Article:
Though it may sound like a mammoth effort for such a small animal, coral reefs provide a home to numerous fish, protect coastlines from wave action, and are even used for medical research projects. With so many long-term benefits I was happy to devote my time this morning to scuba diving with a scrubbing sponge and brush to remove algae from Bonaire’s future shoreline protection force.
And I learned a new method for attaching corals to a sandy bottom: bamboo poles zip tied together into a square with each corner hammered into the sand. This would be easy to implement in the Philippines too!
I was not sure what to expect when Martijn led Maddie and I onto a dirt road, inland and away from the ocean. I had been told we were going to an underwater cave, which I expected to mean a short cliff jump into the ocean and free diving down along the coastline to peer into an ocean cave before returning to the surface. I did not expect to leave my bicycle locked to an inland gate and hike through the shrubbery down to the mouth of a cave.
The descent into the cave required a bit of rock climbing. We lowered our bags, turned on our flashlights and carefully climbed down, finally reaching the water. Freshwater. This dark inland cave seemed narrow and small but as we donned our masks and snorkels for a swim one room led to another. Most of the water was shallow enough to stand but some pools were much deeper.
“Don’t pee,” Martijn instructed. This was a significantly challenging task. As a scuba diver, peeing in my wetsuit is usually my first step to getting warm when I hit the cold water. (Don’t worry the pee diffuses away. If this sounds gross you are clearly not a scuba diver. The longer you dive the more unavoidable it becomes.) Additionally, cold water actually increases your urge to pee. Your blood vessels constrict in cold water, which increases blood pressure. An easy way for the body to lower this pressure is by peeing. The official term for this phenomenon is cold immersion diuresis. Despite this increased urge, I did my best to refrain. The freshwater pool received only periodic circulation after intense rainfalls so I heeded Martijn’s advice.
Swimming further into the next room the water was deep enough for free diving.
“There is an underwater tunnel here. I will check it.” Martijn stated.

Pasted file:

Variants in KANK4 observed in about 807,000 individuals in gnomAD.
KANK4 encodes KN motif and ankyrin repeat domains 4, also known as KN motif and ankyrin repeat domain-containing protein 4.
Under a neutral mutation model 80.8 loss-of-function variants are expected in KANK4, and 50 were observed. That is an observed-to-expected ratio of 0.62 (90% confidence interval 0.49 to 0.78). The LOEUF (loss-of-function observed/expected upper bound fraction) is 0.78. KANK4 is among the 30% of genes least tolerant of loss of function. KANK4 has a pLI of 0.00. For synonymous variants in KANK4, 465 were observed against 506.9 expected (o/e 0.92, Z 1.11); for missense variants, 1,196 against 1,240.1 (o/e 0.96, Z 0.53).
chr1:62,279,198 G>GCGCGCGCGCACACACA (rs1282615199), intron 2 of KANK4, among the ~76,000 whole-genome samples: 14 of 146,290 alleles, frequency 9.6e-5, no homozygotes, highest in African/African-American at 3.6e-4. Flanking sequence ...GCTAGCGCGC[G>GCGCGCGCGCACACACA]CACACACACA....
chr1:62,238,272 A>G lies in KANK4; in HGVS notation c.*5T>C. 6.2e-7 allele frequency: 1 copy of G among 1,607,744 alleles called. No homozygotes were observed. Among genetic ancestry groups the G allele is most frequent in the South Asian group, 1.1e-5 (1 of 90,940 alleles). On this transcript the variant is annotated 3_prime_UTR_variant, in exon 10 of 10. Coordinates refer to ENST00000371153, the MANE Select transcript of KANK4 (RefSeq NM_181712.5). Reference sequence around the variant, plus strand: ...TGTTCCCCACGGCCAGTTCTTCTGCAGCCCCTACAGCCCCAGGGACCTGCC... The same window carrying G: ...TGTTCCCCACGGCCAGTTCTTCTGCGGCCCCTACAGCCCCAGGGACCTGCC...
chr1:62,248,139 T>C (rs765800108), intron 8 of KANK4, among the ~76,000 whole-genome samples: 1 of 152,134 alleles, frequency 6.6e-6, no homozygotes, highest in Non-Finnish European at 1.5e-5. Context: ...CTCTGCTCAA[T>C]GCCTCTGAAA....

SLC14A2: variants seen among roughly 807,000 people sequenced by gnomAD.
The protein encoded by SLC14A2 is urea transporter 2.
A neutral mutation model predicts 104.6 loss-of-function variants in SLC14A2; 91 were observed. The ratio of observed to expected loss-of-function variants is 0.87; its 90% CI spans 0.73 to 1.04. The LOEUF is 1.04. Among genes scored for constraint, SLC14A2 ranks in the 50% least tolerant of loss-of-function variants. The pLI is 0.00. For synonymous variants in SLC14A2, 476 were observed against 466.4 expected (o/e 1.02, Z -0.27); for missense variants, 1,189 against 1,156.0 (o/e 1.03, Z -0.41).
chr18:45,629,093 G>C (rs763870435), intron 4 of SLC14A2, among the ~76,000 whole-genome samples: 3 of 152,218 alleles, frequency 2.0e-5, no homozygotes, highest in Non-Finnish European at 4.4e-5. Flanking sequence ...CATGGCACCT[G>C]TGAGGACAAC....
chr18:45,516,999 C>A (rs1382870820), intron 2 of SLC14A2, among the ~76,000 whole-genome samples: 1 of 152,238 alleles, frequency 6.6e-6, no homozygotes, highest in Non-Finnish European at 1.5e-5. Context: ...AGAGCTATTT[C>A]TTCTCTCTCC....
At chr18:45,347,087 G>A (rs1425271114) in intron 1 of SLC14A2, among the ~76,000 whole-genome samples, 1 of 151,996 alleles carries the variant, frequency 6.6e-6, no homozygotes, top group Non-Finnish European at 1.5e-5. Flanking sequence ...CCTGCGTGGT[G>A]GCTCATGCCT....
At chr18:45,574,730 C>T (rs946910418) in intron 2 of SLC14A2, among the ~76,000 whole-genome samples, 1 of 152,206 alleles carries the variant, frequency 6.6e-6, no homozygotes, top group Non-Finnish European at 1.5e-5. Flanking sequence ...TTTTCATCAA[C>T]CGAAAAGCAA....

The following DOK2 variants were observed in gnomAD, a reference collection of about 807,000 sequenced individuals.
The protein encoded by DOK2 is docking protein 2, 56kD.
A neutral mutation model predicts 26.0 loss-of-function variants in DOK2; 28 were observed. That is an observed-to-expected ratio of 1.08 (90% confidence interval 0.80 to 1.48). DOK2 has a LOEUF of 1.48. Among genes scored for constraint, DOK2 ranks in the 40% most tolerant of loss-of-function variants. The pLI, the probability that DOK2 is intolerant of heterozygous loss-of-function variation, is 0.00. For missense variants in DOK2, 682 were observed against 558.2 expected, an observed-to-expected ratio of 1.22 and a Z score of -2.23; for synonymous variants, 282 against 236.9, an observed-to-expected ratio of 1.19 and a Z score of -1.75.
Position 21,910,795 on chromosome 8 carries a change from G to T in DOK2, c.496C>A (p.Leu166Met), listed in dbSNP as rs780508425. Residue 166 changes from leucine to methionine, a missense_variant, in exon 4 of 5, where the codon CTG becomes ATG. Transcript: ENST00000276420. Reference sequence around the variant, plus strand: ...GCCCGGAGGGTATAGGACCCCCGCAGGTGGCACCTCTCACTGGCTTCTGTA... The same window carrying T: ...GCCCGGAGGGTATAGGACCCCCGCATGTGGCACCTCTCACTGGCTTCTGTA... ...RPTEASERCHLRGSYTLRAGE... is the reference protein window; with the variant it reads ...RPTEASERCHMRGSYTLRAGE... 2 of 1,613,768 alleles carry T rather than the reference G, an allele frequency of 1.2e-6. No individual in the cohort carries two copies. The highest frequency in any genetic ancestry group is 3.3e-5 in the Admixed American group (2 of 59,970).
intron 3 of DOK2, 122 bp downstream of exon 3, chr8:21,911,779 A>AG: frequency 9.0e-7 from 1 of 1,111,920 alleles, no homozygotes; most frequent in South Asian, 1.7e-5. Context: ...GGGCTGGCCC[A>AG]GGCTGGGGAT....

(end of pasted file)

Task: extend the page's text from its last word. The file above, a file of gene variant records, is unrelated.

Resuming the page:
“Martijn!!!” Maddie and I exclaimed in protest. “Are you sure it’s here?” I asked.
The underwater tunnel was a 15-20 second breath hold and swim into another separate cavern of the cave. Martijn had done it before, but agreed to swim a practice dive down and back just to look for the exit to ensure his memory was correct. I followed him in a quick dive down and we shined our flashlights deeper into the tunnel.
“I’m going for it.” Martijn announced once we returned to the surface. Seconds later he dove again and kicked through the tunnel and out of view. ‘Did he make it?!’ I wondered. Only a few seconds after he left I saw his light shining back, confirming his success.
With a deep breath, I dove down and followed. Kick, kick, kick. I could see the walls of the tunnel all around me. As I cleared the midpoint I could see the shimmery surface of water with air above it. Martijn’s feet were also visible standing in the water. Made it!
Maddie opted to stay behind and shine her light to mark the proper way back. In the next cavern I was in for another surprise. This room had deep free diving well too. Diving down I couldn’t tell where the cave let out but it clearly connected to the ocean, because we could see the blurry swirls of salt water meeting freshwater once we dropped down past 10ft. After a few more dives to explore we swam back through the tunnel where Maddie was waiting.
“You have to try it!!!” I exclaimed as soon as I surfaced back on the other side. After a detailed recap of the tunnel swim and salt water well Maddie was convinced. This time I stayed behind as the light to mark the way.
It was entirely silent waiting there by myself. But I was not the only living creature in this cave. Shortly after they left, I started to feel little nips from cleaner shrimp or small fish on my toes. As the fish continued my pedicure, I closed my eyes and tried to imprint the tunnel passageway into my memory in case I returned again with another group of friends. When Maddie and Martijn swam back, we made our way to the exit.
“I have to pee so badly,” I admitted. My urge had grown increasingly noticeable while I was standing by myself and waiting.
With a guilty smile Martijn confessed, “I already did.”
“Martijn!!!” I admonished.
“I did too.” Maddie divulged.
“You guys! I’ve been waiting so long and you both just went ahead and did it,” I said. Perhaps the cave should have a warning sign that says, ‘Scuba Divers Not Welcome,’ because it seems we just can’t help it. My bladder was also significantly less full by the time we climbed back out. There will be more rain and all in all this adventure was a big success.
In Filipino culture each community has a weeklong fiesta full of parades, costumes, beauty pageants, fireworks, and roasted pigs. On the island of Bonaire a similar celebration known as Carnaval has this same spirit of feasting and drinking freely before subsequent budget-induced fasting in the months which follow.
Gathering on the streets to witness the parade was an interesting mix of Latino culture with salsa music blasting, Dutch residents interwoven among the locals, and tourist spectators stealing selfies with the passing floats. In the background a giant cruise ship stood along the ocean and overhead a drone captured the action from above.
Although this parade lacked the drumming that characterizes Filipino fiesta, the energy of Carnaval was evident as young children and tourists alike danced in the streets with the passing parade. The sidewalks in town were packed! But leaving town the streets felt oddly empty because everyone was gathered to watch the parade.